Public Meetings on Seminary Continue to Draw Comments
By Anne Levin
Public sessions on Princeton Theological Seminary’s plan to redevelop portions of its campus continued last week at Witherspoon Hall. A series of charrettes, or interdisciplinary planning meetings, were held March 13-15, allowing consultants and members of the public to provide more input to the Planning Board subcommittee that has been studying the proposal.
The committee will meet this Friday, at 10 a.m., again at Witherspoon Hall, to have an in-depth conversation about last week’s events. While the meeting is open to the public, additional comments will not be taken at that time.
“During the charrettes we were mostly quiet, listening to what people had to say,” said David Cohen, who is on the committee and is also a member of Princeton Council. “This will be our chance to hear from each other what reactions are to the plan.”
The main question is whether the Seminary’s Tennent campus at the western edge of town should be declared an area in need of redevelopment. In previous public meetings, neighbors who live on Edgehill Street, Hibben Road, and the surrounding area expressed concerns about traffic, among other issues. The consultants LRK Inc. have been working on the plan for the town, and Ewing Cole Architects have been hired by the Seminary.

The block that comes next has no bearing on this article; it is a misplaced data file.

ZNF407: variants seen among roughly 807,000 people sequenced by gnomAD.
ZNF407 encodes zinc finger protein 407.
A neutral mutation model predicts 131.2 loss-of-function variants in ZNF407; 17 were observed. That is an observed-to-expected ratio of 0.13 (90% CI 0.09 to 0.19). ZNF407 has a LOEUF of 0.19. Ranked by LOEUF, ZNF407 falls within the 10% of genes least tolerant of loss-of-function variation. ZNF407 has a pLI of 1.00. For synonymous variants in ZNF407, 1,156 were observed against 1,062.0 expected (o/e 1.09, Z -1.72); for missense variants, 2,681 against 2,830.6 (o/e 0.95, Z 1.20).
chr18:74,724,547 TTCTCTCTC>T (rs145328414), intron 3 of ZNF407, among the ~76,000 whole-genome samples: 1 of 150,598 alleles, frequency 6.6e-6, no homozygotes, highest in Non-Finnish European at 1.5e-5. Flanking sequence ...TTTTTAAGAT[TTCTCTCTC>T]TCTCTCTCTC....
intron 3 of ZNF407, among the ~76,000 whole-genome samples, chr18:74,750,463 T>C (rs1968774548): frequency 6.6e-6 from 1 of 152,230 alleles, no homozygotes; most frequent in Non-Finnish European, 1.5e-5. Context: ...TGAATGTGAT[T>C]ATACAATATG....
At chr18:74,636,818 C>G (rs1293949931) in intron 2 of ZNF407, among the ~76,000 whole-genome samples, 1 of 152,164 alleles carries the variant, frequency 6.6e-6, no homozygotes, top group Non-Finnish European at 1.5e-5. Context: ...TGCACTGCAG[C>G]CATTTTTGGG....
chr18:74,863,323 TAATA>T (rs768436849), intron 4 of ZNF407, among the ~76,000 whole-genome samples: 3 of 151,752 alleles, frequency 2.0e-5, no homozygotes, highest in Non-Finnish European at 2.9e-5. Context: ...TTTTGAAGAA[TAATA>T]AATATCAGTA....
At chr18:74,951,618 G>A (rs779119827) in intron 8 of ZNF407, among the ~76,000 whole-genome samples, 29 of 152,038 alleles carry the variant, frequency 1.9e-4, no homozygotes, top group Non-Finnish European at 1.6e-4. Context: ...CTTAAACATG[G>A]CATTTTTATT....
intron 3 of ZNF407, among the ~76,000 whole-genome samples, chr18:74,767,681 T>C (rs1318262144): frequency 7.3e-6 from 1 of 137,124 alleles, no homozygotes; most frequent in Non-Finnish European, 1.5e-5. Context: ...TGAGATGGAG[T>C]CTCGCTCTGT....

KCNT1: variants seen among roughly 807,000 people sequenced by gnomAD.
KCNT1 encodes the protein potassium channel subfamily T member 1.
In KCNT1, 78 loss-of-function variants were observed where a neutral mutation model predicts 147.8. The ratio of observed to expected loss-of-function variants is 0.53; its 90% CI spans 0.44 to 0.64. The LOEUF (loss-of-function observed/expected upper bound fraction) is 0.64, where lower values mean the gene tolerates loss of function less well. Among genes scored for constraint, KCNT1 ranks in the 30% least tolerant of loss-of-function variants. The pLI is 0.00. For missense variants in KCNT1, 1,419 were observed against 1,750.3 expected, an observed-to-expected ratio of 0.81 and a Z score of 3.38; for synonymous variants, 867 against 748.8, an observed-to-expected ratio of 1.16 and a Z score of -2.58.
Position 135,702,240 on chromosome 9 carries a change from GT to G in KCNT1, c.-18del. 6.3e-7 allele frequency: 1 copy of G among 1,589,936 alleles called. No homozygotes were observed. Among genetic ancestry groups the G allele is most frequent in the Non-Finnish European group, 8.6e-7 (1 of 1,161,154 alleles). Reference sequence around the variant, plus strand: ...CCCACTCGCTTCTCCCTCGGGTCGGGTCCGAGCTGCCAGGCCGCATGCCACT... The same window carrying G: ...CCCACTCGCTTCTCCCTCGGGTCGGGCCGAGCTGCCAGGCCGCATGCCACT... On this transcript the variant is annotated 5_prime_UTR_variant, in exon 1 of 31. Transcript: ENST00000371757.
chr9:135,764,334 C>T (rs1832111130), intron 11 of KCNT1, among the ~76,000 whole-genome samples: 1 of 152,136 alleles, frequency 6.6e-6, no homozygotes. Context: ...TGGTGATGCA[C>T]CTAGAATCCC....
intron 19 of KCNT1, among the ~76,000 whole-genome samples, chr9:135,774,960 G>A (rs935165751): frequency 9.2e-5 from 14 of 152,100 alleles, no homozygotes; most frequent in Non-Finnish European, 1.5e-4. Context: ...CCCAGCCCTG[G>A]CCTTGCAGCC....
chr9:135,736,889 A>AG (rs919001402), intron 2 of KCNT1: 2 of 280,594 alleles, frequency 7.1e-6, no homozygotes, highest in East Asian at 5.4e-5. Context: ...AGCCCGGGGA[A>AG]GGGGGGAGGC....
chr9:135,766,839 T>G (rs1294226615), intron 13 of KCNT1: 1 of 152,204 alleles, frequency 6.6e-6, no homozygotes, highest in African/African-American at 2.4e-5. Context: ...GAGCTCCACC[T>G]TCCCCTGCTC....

The school announced a proposal in January of 2017 to study the possibility of a comprehensive master plan that would consolidate activities on one campus in Princeton. Currently, there are residential buildings behind MarketFair in West Windsor. Plans would involve renovations of some buildings and construction of new apartments. The Seminary owns 30 homes in the neighborhood, which is part of the Mercer Hill Historic District. Mercer and Stockton streets, which border the campus, are considered important gateways to Princeton.
The three evening meetings last week included presentations and reports. Daytime work sessions were held Wednesday and Thursday. In all, five different plans were presented on Thursday night. “They were quite different from each other in the way they were characterized,” said Cohen. “One was mostly centered around the neighborhood input. Another was most inspired by the Seminary’s concerns. The third was mostly directed by comments of the Historic Preservation committee, and the fourth was a bit of an outlier, involving outside-the-box response to neighborhood concerns about traffic.” The fifth presentation was an independent one from architect Joel Schwartz.
Cohen said there were some negative comments from some neighbors, but it was in objection to aspects that had already been discarded. “For most of the neighbors and other members of the public, the direction we’re headed in is seen as responsive,” he said. “I think it’s sort of an optimal reconciliation of the different interests of the stakeholders — the Seminary, the town, the neighborhood, and the larger community.”
While it was originally hoped that the ad hoc committee would be able to make a recommendation to the Planning Board on moving forward with a design by this time, there is still some uncertainty on when that will happen. “The design team pulled elements of all the schemes together on Thursday night. We have to see if we want to see a variation on that, or just what we want to do,” Cohen said.